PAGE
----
Boeing Forecasts China’s Commercial Fleet to Double in Next 20 Years
Boeing has announced its 2022 Commercial Market Outlook (CMO) for China, forecasting that the country’s growing economy will see its commercial airplane fleet more than double over the next 20 years.
Despite the impact of the pandemic on China’s near-term growth, Boeing predicts that demand for air travel and air freight will continue to trend upwards through 2041, with the country’s commercial fleet growing from around 3,900 airplanes to more than 9,600 through 2041.
China will require 8,485 new airplanes valued at $1.5 trillion to serve passengers and trade.
This represents more than a fifth of global airplane deliveries over the next two decades, as Chinese carriers look to replace older airplanes with more fuel-efficient models such as the Boeing 737 MAX, 787 Dreamliner and 777X.
Notably, there will be continued growth in the freighter market, with China’s freighter fleet more than quadrupling in size to more than 800 airplanes through 2041.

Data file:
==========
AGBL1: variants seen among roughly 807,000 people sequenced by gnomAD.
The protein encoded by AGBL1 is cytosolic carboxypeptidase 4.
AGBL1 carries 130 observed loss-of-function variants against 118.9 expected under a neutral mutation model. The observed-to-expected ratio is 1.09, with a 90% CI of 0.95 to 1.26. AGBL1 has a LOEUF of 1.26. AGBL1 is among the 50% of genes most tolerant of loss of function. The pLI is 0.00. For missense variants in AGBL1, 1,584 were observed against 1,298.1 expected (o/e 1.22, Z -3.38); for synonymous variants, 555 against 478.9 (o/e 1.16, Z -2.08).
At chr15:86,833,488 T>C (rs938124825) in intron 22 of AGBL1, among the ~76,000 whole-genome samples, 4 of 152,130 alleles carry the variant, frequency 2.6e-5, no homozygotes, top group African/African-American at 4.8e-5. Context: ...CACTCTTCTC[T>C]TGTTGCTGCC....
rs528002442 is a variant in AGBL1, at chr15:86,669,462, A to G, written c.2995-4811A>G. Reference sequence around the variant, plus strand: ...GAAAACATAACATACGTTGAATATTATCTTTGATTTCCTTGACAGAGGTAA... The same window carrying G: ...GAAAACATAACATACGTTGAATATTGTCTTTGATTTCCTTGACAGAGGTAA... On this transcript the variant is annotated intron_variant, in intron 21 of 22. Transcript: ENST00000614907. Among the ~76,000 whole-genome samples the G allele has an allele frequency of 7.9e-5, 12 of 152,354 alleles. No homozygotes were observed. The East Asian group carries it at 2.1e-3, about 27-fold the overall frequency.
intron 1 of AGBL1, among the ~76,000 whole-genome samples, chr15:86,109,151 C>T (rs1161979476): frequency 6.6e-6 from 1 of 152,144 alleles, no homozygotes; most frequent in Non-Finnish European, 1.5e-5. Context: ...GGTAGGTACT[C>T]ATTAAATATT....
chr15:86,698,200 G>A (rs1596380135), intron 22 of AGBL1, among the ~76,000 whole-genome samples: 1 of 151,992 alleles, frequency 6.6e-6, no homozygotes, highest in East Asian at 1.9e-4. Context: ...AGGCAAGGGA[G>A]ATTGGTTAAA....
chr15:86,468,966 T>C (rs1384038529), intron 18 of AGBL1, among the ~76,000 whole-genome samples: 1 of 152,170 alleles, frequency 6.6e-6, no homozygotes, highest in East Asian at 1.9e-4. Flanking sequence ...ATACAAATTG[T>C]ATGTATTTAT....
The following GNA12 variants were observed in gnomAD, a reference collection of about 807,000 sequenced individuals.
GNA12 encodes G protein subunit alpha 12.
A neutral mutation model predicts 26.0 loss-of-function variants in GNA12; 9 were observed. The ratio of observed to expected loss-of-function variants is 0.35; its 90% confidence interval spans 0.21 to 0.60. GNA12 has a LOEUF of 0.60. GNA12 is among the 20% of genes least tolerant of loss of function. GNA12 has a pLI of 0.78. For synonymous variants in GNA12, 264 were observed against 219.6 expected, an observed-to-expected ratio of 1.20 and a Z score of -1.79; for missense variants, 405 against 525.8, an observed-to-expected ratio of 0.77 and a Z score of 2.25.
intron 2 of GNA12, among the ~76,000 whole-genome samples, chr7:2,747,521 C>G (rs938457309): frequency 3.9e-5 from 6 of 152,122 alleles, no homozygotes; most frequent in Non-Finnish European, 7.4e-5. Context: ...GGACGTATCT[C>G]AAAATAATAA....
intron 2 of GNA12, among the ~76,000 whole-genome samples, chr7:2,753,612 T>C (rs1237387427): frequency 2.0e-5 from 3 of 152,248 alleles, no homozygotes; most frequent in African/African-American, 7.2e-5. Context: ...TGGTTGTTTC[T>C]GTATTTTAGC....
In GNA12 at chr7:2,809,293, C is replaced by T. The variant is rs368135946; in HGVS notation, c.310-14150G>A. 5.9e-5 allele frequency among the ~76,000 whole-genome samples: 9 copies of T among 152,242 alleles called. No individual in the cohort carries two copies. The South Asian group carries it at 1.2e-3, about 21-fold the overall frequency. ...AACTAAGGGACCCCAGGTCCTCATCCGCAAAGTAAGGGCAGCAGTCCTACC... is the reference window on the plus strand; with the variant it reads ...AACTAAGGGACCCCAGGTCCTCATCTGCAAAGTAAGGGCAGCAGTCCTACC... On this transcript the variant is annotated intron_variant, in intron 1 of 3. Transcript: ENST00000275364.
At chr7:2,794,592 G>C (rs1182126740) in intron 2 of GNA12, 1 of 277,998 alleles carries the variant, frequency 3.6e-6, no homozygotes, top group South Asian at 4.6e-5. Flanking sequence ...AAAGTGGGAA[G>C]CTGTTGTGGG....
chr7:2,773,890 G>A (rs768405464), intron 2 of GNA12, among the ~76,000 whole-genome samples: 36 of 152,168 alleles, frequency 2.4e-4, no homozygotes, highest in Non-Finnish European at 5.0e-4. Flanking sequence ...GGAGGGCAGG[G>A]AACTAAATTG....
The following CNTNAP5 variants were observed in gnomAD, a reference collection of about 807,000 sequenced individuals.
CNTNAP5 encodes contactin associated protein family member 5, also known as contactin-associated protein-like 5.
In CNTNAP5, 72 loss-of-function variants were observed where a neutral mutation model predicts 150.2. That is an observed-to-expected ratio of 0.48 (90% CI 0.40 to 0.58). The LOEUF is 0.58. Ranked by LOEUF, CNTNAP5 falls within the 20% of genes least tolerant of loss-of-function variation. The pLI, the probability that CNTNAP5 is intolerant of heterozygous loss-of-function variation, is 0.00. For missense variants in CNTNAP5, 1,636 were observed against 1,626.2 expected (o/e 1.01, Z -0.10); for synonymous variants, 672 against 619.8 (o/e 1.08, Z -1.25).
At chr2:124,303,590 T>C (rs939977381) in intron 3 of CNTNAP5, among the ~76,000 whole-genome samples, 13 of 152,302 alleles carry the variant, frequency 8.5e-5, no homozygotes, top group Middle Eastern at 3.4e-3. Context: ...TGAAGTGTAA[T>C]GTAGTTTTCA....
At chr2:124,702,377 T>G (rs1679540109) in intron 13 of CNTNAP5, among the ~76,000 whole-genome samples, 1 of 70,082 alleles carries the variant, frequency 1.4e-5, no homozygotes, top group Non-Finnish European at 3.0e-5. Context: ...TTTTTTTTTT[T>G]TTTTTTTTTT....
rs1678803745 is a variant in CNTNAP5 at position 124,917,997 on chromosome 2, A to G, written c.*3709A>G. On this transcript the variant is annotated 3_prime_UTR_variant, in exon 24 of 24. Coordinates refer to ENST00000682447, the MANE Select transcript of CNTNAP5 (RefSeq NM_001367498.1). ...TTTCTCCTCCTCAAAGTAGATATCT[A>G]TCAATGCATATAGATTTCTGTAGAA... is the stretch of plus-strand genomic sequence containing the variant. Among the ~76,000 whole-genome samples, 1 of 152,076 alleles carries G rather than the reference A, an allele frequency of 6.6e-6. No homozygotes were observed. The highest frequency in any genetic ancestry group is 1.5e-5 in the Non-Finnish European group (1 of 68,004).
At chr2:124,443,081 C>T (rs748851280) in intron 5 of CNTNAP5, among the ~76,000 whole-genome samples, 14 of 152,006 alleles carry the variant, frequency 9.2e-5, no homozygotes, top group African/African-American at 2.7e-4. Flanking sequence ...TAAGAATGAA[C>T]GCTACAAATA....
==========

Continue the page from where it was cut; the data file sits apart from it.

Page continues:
Peter Gao, Boeing vice president, Commercial Sales and Marketing, Greater China said: “We have full confidence that China’s commercial aviation market will continue to prosper, despite recent economic headwinds, as Boeing celebrates its 50th anniversary in the country.
“China’s economic fundamentals will continue to fuel the significant demand for both its passenger and cargo fleets.”
The 2022 China CMO includes these projections through 2041:
Passenger traffic is expected to grow at 4.9% annually.
1,570 widebody airplanes and 6,370 single-aisle airplanes will be needed to support a growing network of international and domestic routes.
Demand for commercial services to support the rapid and healthy growth of the fleet will be worth $545 billion.
Freighter segment will see 205 deliveries to meet the requirements of continued e-commerce growth, and a strong industrial supply chain.
The country will also require 412,000 new aviation personnel, including 126,000 pilots, 124,000 technicians and 162,000 cabin crew members in the next 20 years.